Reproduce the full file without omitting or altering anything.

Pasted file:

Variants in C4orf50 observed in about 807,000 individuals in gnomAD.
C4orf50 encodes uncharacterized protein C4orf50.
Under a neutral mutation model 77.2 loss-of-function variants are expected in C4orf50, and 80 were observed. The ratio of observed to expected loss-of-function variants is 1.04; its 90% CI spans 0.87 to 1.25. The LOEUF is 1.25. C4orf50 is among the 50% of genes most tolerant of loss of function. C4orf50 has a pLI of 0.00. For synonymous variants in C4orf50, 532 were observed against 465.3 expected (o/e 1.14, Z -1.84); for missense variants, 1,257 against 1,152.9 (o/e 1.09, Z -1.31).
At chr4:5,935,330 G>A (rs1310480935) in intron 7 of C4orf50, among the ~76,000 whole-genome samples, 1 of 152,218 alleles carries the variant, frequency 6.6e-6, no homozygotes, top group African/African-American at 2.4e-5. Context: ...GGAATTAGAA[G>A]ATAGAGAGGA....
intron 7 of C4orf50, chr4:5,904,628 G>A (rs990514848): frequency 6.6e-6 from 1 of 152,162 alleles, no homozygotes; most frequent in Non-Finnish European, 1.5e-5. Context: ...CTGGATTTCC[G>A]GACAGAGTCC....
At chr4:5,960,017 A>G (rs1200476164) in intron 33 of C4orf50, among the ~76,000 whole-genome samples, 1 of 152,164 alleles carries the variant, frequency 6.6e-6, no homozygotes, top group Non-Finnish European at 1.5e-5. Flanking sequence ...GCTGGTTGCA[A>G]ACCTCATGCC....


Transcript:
Variants in C4orf50 observed in about 807,000 individuals in gnomAD.
C4orf50 encodes uncharacterized protein C4orf50.
Under a neutral mutation model 77.2 loss-of-function variants are expected in C4orf50, and 80 were observed. The ratio of observed to expected loss-of-function variants is 1.04; its 90% CI spans 0.87 to 1.25. The LOEUF is 1.25. C4orf50 is among the 50% of genes most tolerant of loss of function. C4orf50 has a pLI of 0.00. For synonymous variants in C4orf50, 532 were observed against 465.3 expected (o/e 1.14, Z -1.84); for missense variants, 1,257 against 1,152.9 (o/e 1.09, Z -1.31).
At chr4:5,935,330 G>A (rs1310480935) in intron 7 of C4orf50, among the ~76,000 whole-genome samples, 1 of 152,218 alleles carries the variant, frequency 6.6e-6, no homozygotes, top group African/African-American at 2.4e-5. Context: ...GGAATTAGAA[G>A]ATAGAGAGGA....
intron 7 of C4orf50, chr4:5,904,628 G>A (rs990514848): frequency 6.6e-6 from 1 of 152,162 alleles, no homozygotes; most frequent in Non-Finnish European, 1.5e-5. Context: ...CTGGATTTCC[G>A]GACAGAGTCC....
At chr4:5,960,017 A>G (rs1200476164) in intron 33 of C4orf50, among the ~76,000 whole-genome samples, 1 of 152,164 alleles carries the variant, frequency 6.6e-6, no homozygotes, top group Non-Finnish European at 1.5e-5. Flanking sequence ...GCTGGTTGCA[A>G]ACCTCATGCC....